Tanmay Dixit

Biography & Research

Tanmay Toucan

Tanmay’s research addresses how mechanisms influence the coevolution of brood parasites and their hosts. 

His passion for brood parasitism, ornithology, and animal behaviour was inspired by his love of natural history. This fascination with natural history, alongside his interest in how species interact in life’s complex web led to him studying Natural Sciences at the University of Cambridge. During and after Tanmay’s undergraduate degree, he has conducted projects across the world, including in the neotropics (Panama and Trinidad), and in Africa. It was in Africa that he joined the African cuckoos team in 2017. 

Tanmay began his PhD research in October 2018, studying the antagonistic interactions between cuckoo finches Anomalospiza imberbis and their hosts (family Cisticolidae) in Zambia. His work aims to understand how the mechanisms underpinning perception in hosts influences their egg rejection behaviour, the evolution of their egg patterns, and the evolution of their antagonists.  He is collaborating with mathematicians and computer scientists such as Prof. L Mahadevan (Harvard) and Dr. Christopher Town (Cambridge) to use top-down and bottom-up approaches in studying the evolution of egg signatures and forgeries. In particular, he has studied the perception and evolution of egg pattern complexity, the optimality of egg pattern traits, and imperfect mimicry. 

Tanmay’s focus on mechanisms and their effects on evolution requires cross-disciplinary approaches to studying both adaptation and maladaptation, and he particularly enjoys the collaborations with researchers across a range of fields. Nevertheless, he is particularly delighted to be able to pursue scientific questions in the beautiful setting of Zambia’s miombo woodland.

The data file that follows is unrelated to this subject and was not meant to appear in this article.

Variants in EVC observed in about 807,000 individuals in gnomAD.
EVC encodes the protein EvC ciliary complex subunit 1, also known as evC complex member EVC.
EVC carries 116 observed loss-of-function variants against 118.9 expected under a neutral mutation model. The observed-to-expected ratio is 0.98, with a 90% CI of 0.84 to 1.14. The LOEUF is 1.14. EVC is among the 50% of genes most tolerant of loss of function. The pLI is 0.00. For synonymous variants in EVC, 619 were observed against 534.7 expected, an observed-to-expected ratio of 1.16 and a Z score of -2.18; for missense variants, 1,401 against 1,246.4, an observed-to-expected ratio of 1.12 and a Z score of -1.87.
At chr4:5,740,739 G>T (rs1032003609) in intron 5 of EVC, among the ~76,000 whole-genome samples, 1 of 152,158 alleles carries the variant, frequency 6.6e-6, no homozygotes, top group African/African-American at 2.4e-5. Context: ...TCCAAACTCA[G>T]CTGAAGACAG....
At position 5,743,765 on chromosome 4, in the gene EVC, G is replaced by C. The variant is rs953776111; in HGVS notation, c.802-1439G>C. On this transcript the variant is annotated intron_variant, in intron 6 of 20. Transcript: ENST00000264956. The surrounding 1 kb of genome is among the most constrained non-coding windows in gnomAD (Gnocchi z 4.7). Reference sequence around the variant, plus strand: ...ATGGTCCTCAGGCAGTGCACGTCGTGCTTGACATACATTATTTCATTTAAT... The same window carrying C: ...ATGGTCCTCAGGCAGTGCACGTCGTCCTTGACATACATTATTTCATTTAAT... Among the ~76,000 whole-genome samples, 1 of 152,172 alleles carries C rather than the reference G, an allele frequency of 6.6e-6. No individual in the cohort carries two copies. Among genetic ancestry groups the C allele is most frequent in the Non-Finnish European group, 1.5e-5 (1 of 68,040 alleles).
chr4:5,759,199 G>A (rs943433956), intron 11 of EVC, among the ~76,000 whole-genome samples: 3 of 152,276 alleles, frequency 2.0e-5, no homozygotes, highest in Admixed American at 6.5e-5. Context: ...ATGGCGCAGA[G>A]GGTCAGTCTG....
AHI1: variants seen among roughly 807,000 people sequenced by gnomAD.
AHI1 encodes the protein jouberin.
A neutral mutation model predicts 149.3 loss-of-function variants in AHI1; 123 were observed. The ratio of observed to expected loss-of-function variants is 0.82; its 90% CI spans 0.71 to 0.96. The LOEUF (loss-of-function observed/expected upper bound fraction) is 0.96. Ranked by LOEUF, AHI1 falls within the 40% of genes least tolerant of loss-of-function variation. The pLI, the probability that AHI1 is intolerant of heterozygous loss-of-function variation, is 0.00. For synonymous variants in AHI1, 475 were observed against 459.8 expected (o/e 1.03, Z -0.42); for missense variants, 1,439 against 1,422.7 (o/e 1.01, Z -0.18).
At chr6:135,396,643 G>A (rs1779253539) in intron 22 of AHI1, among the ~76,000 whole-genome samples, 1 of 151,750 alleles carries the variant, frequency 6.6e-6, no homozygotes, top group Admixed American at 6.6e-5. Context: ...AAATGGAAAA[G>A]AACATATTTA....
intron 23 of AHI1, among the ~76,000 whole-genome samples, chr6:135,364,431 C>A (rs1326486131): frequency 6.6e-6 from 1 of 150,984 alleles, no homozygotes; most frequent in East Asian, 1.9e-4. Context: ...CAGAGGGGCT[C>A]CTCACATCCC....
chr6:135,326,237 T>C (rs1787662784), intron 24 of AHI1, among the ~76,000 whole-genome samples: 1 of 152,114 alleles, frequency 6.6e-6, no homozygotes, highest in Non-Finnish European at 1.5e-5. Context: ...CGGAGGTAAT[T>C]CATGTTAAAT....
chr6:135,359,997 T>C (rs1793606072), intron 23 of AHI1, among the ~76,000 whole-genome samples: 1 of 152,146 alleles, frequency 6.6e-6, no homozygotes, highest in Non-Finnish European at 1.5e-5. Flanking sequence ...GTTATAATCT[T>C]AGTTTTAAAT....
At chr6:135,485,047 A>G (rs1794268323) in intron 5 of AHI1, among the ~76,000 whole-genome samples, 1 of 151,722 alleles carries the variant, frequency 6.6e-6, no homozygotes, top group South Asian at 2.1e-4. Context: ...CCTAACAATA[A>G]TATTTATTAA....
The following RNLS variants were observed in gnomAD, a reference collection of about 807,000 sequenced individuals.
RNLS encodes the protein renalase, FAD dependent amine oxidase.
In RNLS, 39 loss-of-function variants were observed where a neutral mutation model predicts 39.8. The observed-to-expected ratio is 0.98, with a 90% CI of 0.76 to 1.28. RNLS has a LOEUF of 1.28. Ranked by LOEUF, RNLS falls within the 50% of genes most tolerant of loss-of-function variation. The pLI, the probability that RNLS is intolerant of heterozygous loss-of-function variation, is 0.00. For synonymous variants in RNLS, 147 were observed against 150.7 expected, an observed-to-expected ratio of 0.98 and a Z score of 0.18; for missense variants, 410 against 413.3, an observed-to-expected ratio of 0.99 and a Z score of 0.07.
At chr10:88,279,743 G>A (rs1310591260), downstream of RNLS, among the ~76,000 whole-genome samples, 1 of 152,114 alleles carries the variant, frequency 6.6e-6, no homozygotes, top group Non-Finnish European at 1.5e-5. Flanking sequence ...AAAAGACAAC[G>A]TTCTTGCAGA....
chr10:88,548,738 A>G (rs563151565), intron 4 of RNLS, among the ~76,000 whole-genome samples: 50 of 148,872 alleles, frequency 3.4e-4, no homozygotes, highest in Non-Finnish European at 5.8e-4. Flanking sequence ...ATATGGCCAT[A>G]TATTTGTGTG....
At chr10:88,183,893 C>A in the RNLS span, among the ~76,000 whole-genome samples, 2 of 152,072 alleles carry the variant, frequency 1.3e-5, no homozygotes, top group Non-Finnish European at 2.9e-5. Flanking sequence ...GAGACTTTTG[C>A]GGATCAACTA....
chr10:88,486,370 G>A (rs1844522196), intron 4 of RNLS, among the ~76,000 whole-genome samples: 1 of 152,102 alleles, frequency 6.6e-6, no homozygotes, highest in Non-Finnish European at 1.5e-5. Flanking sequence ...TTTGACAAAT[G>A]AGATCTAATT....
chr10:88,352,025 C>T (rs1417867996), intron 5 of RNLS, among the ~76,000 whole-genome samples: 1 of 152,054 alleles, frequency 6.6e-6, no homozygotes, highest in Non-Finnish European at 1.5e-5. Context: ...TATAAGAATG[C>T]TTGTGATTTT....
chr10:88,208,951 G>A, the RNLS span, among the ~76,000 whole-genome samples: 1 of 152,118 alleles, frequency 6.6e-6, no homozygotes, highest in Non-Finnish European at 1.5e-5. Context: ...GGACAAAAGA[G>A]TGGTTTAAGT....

New paper on imperfect egg mimicry

Our paper “Combined measures of mimetic fidelity explain imperfect mimicry in a brood parasite-host system” has just been published in the journal Biology Letters. This study was led by Tanmay Dixit, and carried out together with Gary Choi, Salem al-Mosleh, Jess Lund, Jolyon Troscianko, Collins Moya, L Mahadevan, and Claire Spottiswoode, as part of a collaboration between our group and Prof. Mahadevan and his lab at Harvard University. Together we combined mathematical tools and field experiments in Zambia to quantify a key difference – “squiggle” markings – between the eggs of hosts (tawny-flanked prinias) and parasites (cuckoo finches). We showed that suboptimal behaviour on the part of prinias allows cuckoo finches to get by with an imperfect copy of prinia eggs.

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New paper on host aggression and hawk mimicry

Our paper “Aggressive hosts are undeterred by a cuckoo’s hawk mimicry, but probably make good foster parents” has just been published in the journal Proceedings of the Royal Society B. In the paper, we investigate the costs and benefits to the African cuckoo of specializing on a highly aggressive host species, the fork-tailed drongo.

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African Cuckoos Team at the Pan-African Ornithological Congress

The African Cuckoos Team had a fantastic time at the Pan-African Ornithological Congress (PAOC15), this year held in Vic Falls, Zimbabwe. Dr Chima Nwaogu gave a plenary talk on “Differing Priorities in the Timing of Annual Life History Events”, while Professor Claire Spottiswoode and Silky Hamama presented during a roundtable session on communities in conservation and research. Silky also presented a poster, with Claire, Jess Lund, Mairenn Attwood and Cameron Blair each giving research talks as well. 

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